The potential of every Jew is to express Divinity. The Hebrew word for Egypt, Mitzrayim, means “constraints.” Constraints are the inability to fully express oneself. In Egypt, the Jewish people were constrained, and could not fully express Divinity. The redemption from the constraints of Egypt is the Divine power and the miracle of the holiday of Pesach.
The Passover Seder is replete with revealed and hidden significance. The following is a brief outline of the mystical dimension of the Seder Plate.
In Parashat Beshalach we reach the climax of the exodus from the Egyptian exile―the parting of theRed Sea and the song the Children of Israel sang at the sea. Although the Jewish people had physically left Egypt, until they actually saw the entire Egyptian army dead at the seashore, they constantly looked back in fear that the Egyptians were close at their heels. It was then that the Jewish people were released from the paranoid fear that had held them in its clutches. At that moment they saw God’s might in redeeming them so clearly that they began singing, “This is my God and I will extol Him.”
The Zohar on Parashat Bo offers a mysterious and most profound explanation why God told Moses “Come to Pharaoh” instead of “Go to Pharaoh.” In a mystical allegory, Rabbi Shimon bar Yochai describes how the Almighty brought Moses through rooms within rooms, until he reached the upper tanin (תַּנִין), a type of fearful spiritual reptile.
In the ten-rung ladder of spiritual growth outlined by Rabbi Pinchas ben Yair, three consecutive rungs are: “Cleanliness brings one to purity, purity brings one to chastity (i.e., abstinence from overindulging in physical pleasures).”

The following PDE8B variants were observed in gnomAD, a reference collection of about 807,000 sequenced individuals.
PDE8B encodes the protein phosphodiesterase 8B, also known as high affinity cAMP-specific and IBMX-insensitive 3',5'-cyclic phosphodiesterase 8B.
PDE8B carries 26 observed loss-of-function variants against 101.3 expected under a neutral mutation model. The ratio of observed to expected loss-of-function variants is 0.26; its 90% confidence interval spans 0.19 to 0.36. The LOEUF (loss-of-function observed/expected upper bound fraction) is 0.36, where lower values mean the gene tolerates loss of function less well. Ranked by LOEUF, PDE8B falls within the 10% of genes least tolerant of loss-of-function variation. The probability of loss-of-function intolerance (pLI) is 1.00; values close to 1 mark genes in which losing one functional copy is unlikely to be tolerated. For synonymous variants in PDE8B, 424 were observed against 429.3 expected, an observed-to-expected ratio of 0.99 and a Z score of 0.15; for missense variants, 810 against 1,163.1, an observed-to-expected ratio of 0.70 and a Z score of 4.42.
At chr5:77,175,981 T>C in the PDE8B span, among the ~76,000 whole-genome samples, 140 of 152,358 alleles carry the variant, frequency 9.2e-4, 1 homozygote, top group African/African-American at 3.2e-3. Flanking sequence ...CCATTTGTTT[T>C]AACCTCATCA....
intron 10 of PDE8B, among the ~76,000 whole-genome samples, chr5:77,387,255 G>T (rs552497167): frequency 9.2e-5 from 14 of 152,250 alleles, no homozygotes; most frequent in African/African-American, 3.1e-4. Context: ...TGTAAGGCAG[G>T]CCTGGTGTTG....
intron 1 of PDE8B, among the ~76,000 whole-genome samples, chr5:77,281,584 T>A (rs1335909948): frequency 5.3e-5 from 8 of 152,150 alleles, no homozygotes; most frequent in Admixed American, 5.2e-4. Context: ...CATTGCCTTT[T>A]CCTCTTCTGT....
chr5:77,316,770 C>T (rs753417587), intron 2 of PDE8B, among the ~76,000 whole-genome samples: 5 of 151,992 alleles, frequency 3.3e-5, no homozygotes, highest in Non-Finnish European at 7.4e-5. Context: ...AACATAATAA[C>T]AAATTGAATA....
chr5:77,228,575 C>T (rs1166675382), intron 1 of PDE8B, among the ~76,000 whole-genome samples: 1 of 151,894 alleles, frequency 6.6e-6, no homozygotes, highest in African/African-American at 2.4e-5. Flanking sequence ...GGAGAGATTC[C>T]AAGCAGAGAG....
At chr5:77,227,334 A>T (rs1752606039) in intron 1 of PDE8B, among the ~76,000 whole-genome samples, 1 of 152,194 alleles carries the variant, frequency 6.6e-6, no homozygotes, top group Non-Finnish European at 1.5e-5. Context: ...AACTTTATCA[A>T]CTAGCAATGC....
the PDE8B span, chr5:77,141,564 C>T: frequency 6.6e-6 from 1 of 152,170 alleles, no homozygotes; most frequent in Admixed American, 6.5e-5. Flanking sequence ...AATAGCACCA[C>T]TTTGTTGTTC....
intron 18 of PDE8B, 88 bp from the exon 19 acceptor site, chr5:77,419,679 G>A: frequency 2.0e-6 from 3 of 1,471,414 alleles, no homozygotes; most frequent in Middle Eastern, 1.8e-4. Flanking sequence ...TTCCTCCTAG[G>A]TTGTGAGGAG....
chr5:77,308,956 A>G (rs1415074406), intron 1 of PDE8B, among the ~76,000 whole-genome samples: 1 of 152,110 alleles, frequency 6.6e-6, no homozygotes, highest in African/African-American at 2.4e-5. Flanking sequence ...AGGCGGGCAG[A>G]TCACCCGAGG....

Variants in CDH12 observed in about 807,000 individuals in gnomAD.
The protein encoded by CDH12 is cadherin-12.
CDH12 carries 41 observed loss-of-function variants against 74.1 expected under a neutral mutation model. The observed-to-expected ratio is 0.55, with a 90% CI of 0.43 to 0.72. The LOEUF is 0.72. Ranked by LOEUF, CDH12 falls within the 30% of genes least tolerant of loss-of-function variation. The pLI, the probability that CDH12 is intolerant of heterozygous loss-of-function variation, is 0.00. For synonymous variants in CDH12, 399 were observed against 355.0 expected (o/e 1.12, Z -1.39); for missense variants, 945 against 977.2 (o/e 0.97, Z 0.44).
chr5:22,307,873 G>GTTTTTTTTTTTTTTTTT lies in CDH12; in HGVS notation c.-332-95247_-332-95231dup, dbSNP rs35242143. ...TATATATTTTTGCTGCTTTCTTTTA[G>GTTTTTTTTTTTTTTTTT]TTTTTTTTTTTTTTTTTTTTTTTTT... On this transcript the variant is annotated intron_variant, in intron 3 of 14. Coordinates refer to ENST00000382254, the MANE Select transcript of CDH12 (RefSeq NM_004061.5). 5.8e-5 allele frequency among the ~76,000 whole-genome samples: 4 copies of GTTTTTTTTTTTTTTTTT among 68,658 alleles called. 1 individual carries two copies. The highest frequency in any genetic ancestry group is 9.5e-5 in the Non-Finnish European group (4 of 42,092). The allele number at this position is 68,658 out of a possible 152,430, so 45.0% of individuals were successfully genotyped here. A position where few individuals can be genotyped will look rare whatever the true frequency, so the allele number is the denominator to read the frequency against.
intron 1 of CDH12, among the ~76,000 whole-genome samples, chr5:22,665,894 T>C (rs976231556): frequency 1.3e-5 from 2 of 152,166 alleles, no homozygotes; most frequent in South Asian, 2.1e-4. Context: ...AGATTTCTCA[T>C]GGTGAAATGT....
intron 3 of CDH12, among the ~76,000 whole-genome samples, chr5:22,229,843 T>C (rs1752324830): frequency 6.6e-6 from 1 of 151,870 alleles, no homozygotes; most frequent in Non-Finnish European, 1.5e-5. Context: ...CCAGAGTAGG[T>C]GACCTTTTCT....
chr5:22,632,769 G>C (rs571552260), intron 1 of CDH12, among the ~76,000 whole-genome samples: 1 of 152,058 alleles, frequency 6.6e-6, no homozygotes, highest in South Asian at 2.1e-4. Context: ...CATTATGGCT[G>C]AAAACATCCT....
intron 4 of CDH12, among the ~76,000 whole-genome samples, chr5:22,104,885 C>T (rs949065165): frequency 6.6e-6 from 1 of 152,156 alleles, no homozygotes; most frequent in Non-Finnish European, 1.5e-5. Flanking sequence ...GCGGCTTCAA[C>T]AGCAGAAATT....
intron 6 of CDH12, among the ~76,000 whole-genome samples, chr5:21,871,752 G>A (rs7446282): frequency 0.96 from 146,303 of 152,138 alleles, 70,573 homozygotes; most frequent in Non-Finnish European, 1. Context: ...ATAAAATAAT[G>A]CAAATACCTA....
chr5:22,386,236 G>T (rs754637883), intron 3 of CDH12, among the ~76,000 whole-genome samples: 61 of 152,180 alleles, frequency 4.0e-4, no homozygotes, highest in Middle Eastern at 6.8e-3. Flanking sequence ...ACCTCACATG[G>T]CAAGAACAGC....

Egocentricity (chametz) is the source of all psychological confinement (Egypt). No slave could escape the confining borders of Egypt. The Exodus is the miracle of breaking through the borders of Egypt by nullifying one’s sense of egocentricity.
The children at the Seder table ask their father to explain to them the meaning of all the unique customs that we perform on the first night of Pesach. We are all children of our Father in heaven, and while turning to our physical father we simultaneously turn to Him and ask: “What is the difference between this night and all other nights? …” “Night” symbolizes exile. We begin by asking our father (and Father in heaven) to explain to us the difference between this, final exile and all previous exiles.
God does not reveal, even to the greatest of prophets, exactly when the Mashiach will come and bring redemption to the world. God wants us to believe that Mashiach can arrive this very day, and pray as earnestly as we can that he indeed arrives today. The sages have provided us with various signs to know when the time is ripe, but we can never really know for sure, we can only believe and pray. This is exactly what God wants, for He desires that we nurture in our souls messianic consciousness, a state of consciousness that is not one of knowledge but one of faith and prayer.
Informing Miriam and Aaron of the unique level of their brother Moses’ prophecy, God says: “I speak to him mouth to mouth.” The phrase “mouth to mouth” alludes to the two redemptions of Purim and Pesach.
The silent child is a riddle. What is the genuine reason for their silence? Is it because they really don’t know how to ask, or because they don’t want to ask? Do they really have problems expressing themselves even more than the simple son?